Even though these are not overly sensitive chip-enabled programmable devices, you can still break them if you wire them incorrectly. Mistakes in wiring up a 120V switch, outlet, or even GFCI will not do much harm to the device normally, but since this is a 240V device that has so much juice flowing through it, you can easily damage the device or injure or kill yourself.

What You'll Need

Equipment / Tools

  • Wire stripper
  • Wire ripper
  • Manual screwdriver
  • Voltage tester


  • Line voltage thermostat
  • Wire nuts


  1. Attach a Wire Nut to Ground and White Wires

    There are two ways to approach the attachment of the ground wire to the thermostat:

    If there is no ground for the thermostat: Devices such as a Cadet Mechanical Thermostat are plastic, and thus, do not require grounding. You will wire-nut the ground wire coming in with the ground wire leaving the box, bypassing the device entirely.

    If you have a grounded thermostat: Does your thermostat have a green ground screw on it? Or similarly, does it have a green or bare wire coming out of it? If so, this is the wire that connects your device to the ground, and this is crucial for safety. Wire-nut the two ground wires, adding a third ground wire. That third ground will attach to the device (or you will use the wire already on the device). If the thermostat's electrical box is metal, it also must be grounded, with a pigtail wire or with a grounded conduit path. 

    If you have a white neutral wire, connect it so that wires coming in and out continue onward, bypassing the device. Alternatively, since you do not need the neutral for your 240V device, you can cap it off entirely in the box.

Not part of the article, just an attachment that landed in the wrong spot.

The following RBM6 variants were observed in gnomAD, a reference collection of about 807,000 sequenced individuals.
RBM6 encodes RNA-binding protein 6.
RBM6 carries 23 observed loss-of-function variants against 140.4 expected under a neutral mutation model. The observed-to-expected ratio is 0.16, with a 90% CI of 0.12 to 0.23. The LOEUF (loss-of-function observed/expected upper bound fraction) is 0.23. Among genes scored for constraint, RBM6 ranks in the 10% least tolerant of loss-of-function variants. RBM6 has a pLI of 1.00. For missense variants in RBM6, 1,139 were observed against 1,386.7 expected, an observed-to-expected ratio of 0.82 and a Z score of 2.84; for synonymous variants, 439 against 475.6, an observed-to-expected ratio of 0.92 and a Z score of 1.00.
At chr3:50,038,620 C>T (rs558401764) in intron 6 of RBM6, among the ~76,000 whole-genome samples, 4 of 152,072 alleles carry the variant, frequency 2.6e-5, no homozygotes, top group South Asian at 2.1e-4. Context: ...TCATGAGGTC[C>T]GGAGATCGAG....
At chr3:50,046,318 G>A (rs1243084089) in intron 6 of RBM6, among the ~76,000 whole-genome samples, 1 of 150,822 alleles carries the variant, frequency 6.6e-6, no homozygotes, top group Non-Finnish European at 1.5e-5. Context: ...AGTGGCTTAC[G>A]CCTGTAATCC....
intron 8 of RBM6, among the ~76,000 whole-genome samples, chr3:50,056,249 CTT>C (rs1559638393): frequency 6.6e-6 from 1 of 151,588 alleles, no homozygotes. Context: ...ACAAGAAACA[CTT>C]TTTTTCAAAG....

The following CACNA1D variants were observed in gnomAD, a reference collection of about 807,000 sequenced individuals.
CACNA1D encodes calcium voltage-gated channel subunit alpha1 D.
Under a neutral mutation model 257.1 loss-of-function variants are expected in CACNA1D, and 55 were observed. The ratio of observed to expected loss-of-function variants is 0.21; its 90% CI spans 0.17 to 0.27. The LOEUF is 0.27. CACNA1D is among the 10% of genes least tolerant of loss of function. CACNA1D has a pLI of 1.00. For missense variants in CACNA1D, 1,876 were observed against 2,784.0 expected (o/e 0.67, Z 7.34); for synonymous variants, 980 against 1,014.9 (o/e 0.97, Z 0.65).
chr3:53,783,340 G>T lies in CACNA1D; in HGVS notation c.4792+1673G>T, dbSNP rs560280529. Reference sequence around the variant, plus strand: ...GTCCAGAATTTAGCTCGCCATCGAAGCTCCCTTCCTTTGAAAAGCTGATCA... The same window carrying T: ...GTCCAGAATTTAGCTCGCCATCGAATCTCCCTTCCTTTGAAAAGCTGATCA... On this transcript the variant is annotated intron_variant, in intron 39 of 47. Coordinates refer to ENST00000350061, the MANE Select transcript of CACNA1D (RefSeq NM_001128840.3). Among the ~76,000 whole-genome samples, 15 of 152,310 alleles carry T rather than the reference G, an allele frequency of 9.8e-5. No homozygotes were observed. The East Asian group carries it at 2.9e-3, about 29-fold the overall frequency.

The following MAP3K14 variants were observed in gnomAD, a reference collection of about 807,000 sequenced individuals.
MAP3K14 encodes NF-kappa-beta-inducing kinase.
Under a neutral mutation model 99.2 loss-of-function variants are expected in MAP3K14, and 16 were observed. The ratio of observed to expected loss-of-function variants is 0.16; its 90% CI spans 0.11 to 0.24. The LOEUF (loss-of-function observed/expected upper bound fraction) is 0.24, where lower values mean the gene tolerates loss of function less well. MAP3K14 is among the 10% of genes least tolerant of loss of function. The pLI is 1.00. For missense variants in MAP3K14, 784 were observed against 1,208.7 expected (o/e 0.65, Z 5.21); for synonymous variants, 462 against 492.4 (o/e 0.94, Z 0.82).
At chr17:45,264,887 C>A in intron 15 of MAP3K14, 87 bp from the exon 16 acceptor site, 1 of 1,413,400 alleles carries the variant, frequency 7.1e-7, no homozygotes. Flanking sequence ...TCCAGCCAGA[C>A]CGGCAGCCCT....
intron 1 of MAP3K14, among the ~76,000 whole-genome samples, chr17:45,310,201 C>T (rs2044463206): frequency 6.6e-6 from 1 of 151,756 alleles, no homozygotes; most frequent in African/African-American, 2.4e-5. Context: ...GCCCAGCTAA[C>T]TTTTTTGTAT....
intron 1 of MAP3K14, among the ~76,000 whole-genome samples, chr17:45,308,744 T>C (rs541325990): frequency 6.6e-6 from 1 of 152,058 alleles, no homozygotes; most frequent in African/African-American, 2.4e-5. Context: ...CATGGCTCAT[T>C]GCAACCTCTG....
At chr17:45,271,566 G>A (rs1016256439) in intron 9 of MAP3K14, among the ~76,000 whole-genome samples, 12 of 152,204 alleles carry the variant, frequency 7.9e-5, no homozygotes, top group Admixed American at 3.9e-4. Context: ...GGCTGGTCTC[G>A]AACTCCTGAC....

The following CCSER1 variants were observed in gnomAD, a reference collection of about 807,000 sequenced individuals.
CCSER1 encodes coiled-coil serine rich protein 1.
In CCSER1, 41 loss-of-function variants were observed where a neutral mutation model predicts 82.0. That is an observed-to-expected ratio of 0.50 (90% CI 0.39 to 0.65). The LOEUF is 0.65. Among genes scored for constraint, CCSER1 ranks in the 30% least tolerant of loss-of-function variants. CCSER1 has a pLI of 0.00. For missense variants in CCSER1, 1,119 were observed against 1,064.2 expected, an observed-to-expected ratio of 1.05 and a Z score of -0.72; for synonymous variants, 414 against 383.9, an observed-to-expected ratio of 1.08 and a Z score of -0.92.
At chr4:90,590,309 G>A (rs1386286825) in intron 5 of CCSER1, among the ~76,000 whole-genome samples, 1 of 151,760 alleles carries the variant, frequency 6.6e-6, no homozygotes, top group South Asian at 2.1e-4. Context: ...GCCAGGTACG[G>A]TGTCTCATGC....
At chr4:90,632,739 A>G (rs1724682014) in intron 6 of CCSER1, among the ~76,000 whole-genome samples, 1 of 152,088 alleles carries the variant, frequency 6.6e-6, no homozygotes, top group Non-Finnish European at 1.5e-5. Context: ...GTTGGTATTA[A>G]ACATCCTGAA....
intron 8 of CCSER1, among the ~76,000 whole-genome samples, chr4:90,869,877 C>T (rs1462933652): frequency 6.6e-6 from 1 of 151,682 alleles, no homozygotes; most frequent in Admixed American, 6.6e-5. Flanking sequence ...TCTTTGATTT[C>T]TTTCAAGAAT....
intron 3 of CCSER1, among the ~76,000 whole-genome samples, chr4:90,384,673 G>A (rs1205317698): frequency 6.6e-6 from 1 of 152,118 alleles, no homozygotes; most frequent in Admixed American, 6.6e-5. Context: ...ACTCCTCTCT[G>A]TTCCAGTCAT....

Wire nut on ground wire
    Lee Wallender
  2. Wire-Nut One Hot Wire to Bypass the Thermostat

    Two hot wires, each carrying power, enter your box. Typically, one wire is coded black and the other wire is coded red (this is a hot wire, not a neutral wire) that it required to be identified via black or red tape.

    The important thing to remember is that only one hot wire enters the thermostat; the other is wire-nutted to bypass the device and continue onward.

    If you try to connect both hot wires to the thermostat, the circuit breaker will shut off, or you may experience a little electrical flash.

    You can choose either wire to continue onward.

    Cap red wires to bypass thermostat
    Lee Wallender
  3. Attach the Line and Load Black Wire to Thermostat

    Attach the other hot wire to your device. One end of your hot wire is a line wire, which means that it comes off of the power lines and carries power. The other black wire is a load wire, meaning that it flows to your baseboard heater.